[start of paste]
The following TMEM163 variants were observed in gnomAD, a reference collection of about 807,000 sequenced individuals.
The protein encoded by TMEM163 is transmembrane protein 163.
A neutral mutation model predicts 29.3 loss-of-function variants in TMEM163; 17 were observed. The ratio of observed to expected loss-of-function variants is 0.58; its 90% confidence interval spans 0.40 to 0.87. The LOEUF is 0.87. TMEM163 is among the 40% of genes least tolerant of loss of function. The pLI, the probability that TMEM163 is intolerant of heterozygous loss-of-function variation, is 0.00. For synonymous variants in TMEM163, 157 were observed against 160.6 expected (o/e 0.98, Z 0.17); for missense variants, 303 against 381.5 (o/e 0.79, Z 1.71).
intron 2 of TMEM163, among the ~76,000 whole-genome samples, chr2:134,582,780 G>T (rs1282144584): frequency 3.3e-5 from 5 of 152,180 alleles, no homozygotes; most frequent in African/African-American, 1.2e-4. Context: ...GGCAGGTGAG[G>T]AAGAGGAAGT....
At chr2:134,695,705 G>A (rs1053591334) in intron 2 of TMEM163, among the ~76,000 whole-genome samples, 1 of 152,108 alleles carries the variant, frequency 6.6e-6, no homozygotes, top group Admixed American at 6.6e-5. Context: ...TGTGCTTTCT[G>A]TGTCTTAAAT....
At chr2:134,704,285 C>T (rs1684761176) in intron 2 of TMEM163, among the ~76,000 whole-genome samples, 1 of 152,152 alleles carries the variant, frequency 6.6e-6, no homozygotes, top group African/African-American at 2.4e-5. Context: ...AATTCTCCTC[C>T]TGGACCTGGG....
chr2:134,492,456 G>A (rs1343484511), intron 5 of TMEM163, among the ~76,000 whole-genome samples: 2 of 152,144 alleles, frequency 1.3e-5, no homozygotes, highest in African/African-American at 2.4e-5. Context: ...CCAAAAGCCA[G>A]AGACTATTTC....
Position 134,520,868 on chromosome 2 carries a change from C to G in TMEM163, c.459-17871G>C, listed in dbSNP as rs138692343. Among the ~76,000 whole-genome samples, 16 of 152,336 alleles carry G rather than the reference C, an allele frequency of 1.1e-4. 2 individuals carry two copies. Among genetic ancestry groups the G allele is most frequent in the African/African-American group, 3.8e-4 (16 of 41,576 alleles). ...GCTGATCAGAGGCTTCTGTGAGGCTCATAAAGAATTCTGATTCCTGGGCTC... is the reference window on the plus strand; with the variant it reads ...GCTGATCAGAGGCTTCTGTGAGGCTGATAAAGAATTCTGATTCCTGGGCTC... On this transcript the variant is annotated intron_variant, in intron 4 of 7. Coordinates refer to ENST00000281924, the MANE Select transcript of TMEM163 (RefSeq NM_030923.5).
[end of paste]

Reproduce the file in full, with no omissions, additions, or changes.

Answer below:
The following TMEM163 variants were observed in gnomAD, a reference collection of about 807,000 sequenced individuals.
The protein encoded by TMEM163 is transmembrane protein 163.
A neutral mutation model predicts 29.3 loss-of-function variants in TMEM163; 17 were observed. The ratio of observed to expected loss-of-function variants is 0.58; its 90% confidence interval spans 0.40 to 0.87. The LOEUF is 0.87. TMEM163 is among the 40% of genes least tolerant of loss of function. The pLI, the probability that TMEM163 is intolerant of heterozygous loss-of-function variation, is 0.00. For synonymous variants in TMEM163, 157 were observed against 160.6 expected (o/e 0.98, Z 0.17); for missense variants, 303 against 381.5 (o/e 0.79, Z 1.71).
intron 2 of TMEM163, among the ~76,000 whole-genome samples, chr2:134,582,780 G>T (rs1282144584): frequency 3.3e-5 from 5 of 152,180 alleles, no homozygotes; most frequent in African/African-American, 1.2e-4. Context: ...GGCAGGTGAG[G>T]AAGAGGAAGT....
At chr2:134,695,705 G>A (rs1053591334) in intron 2 of TMEM163, among the ~76,000 whole-genome samples, 1 of 152,108 alleles carries the variant, frequency 6.6e-6, no homozygotes, top group Admixed American at 6.6e-5. Context: ...TGTGCTTTCT[G>A]TGTCTTAAAT....
At chr2:134,704,285 C>T (rs1684761176) in intron 2 of TMEM163, among the ~76,000 whole-genome samples, 1 of 152,152 alleles carries the variant, frequency 6.6e-6, no homozygotes, top group African/African-American at 2.4e-5. Context: ...AATTCTCCTC[C>T]TGGACCTGGG....
chr2:134,492,456 G>A (rs1343484511), intron 5 of TMEM163, among the ~76,000 whole-genome samples: 2 of 152,144 alleles, frequency 1.3e-5, no homozygotes, highest in African/African-American at 2.4e-5. Context: ...CCAAAAGCCA[G>A]AGACTATTTC....
Position 134,520,868 on chromosome 2 carries a change from C to G in TMEM163, c.459-17871G>C, listed in dbSNP as rs138692343. Among the ~76,000 whole-genome samples, 16 of 152,336 alleles carry G rather than the reference C, an allele frequency of 1.1e-4. 2 individuals carry two copies. Among genetic ancestry groups the G allele is most frequent in the African/African-American group, 3.8e-4 (16 of 41,576 alleles). ...GCTGATCAGAGGCTTCTGTGAGGCTCATAAAGAATTCTGATTCCTGGGCTC... is the reference window on the plus strand; with the variant it reads ...GCTGATCAGAGGCTTCTGTGAGGCTGATAAAGAATTCTGATTCCTGGGCTC... On this transcript the variant is annotated intron_variant, in intron 4 of 7. Coordinates refer to ENST00000281924, the MANE Select transcript of TMEM163 (RefSeq NM_030923.5).